Trump’s lunchtime address at the club, which has hosted U.S. presidents including Woodrow Wilson and John F. Kennedy, as well as foreign leaders like former Soviet President Mikhail Gorbachev here and Chinese Premier Li Keqiang here will be closely watched by investors anxious for any positive news about his administration’s long-running trade war with China.
U.S. stock markets have hit record highs in recent weeks on hopes the White House and Beijing are close to a trade deal that could go a long way toward dispelling the uncertainty dogging the global economy. Last week, officials from both sides said they had a deal to roll back tariffs, only to have Trump deny any deal was agreed on.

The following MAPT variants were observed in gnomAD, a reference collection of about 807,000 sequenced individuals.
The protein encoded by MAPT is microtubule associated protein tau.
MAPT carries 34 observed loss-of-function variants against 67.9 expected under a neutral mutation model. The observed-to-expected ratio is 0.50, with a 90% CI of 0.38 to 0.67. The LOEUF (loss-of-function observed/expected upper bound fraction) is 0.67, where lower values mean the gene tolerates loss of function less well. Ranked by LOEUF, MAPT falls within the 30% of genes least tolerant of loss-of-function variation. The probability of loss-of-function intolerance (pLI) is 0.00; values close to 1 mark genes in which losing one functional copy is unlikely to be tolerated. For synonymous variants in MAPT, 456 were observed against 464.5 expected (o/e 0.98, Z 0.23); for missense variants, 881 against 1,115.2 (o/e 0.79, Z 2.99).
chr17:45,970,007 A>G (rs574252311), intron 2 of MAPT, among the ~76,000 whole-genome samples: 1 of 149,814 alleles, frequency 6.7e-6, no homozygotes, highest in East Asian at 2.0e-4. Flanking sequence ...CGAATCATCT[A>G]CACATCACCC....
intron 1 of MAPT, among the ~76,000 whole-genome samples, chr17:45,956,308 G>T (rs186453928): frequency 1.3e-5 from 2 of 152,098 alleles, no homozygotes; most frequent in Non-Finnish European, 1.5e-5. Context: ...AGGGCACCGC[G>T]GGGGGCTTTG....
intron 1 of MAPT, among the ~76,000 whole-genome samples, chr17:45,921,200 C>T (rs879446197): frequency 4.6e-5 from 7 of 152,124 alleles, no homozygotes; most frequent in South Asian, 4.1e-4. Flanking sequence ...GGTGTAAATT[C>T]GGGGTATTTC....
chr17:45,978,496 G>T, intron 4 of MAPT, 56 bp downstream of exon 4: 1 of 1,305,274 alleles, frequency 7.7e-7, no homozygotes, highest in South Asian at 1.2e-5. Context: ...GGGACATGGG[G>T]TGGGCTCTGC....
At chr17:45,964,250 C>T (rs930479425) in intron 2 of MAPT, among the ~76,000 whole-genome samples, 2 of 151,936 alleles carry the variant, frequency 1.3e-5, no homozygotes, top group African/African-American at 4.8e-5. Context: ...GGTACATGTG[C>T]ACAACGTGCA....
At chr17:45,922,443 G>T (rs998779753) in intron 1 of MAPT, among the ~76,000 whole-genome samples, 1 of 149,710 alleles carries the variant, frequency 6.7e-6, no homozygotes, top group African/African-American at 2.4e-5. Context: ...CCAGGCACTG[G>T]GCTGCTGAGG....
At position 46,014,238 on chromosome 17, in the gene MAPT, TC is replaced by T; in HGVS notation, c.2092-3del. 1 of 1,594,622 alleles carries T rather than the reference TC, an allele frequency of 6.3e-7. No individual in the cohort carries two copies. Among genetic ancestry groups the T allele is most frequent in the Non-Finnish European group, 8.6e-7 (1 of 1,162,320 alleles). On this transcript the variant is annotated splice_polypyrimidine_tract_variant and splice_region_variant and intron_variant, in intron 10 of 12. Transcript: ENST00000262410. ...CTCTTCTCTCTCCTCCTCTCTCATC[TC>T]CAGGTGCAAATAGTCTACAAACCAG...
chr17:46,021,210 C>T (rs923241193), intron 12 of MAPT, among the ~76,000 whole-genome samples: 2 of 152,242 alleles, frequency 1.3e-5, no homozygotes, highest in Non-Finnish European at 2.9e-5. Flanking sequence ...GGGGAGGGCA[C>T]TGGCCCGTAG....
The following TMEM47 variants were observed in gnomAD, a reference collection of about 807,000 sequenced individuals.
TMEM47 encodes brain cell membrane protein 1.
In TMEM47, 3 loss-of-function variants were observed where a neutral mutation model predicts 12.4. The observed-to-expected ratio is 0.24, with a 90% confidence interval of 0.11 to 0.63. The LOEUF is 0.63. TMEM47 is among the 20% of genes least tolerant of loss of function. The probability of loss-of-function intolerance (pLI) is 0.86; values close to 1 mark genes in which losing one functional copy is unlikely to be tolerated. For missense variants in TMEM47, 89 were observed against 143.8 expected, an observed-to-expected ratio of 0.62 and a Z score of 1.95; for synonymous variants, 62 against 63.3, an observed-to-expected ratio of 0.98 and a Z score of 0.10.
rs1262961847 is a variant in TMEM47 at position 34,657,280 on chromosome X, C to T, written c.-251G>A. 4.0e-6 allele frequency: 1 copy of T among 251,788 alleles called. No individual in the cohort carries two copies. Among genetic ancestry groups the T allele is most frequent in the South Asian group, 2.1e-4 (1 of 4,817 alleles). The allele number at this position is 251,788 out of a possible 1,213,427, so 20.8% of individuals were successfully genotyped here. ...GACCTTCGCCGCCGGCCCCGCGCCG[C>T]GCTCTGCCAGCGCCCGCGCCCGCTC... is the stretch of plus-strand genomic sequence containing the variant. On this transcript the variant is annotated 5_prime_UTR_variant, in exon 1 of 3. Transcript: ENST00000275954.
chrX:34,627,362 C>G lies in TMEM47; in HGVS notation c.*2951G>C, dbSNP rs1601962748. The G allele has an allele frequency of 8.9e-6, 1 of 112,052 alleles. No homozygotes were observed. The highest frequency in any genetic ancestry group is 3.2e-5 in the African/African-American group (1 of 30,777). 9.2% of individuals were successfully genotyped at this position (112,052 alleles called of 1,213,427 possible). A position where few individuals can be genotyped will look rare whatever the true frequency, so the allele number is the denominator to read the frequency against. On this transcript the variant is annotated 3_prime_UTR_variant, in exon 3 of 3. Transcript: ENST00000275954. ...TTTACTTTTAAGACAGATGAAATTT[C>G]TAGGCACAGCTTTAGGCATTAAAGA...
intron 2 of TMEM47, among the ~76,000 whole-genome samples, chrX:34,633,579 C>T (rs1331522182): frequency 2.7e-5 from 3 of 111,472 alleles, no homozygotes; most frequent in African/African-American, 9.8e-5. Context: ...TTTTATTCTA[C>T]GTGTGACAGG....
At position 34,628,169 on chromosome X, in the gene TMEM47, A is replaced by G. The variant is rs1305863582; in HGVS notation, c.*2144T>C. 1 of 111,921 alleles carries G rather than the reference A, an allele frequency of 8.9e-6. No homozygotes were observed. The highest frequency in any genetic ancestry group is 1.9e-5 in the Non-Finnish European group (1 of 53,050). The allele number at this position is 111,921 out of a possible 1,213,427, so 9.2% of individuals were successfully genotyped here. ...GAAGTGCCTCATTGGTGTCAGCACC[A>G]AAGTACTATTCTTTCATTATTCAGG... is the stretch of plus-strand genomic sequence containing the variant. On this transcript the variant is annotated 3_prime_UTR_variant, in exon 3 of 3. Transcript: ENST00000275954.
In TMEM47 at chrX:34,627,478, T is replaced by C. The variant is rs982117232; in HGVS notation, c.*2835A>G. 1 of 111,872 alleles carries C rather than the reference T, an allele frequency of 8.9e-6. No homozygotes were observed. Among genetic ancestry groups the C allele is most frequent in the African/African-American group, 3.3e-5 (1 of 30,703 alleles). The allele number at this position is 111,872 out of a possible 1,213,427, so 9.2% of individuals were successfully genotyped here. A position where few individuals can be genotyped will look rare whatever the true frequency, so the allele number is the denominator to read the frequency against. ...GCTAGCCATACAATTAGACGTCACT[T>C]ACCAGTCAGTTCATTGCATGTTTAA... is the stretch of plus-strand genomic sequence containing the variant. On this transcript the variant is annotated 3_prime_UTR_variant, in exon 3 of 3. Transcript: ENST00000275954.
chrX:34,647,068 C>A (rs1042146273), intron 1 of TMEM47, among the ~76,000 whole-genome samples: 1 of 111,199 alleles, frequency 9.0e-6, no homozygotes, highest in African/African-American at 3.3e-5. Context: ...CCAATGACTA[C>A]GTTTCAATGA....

“It still feels like we’re pretty close to having something done,” Paulsen said on Monday. “Even if it’s meaningless, it will be meaningful.”
Not everyone thought Trump’s speech to the 112-year-old club, which has served as a venue for major economic policy addresses, would be seen as constructive by investors.
Gregory Daco, chief U.S. economist at Oxford Economics, estimated the trade war had chopped about eight-tenths of a percentage point off U.S. growth. After starting the year with growth running at 3.1%, output throttled back to 1.9% in the third quarter, with weak business investment factoring heavily in the slowdown.
“Do you as a business make a decision that now the environment is clearer, there are less tariffs, so now you’re more likely to invest? Or, if after the last three years, you’re still more cautious and say ‘let’s wait this one out,’” Daco said. “I’d favor the latter.”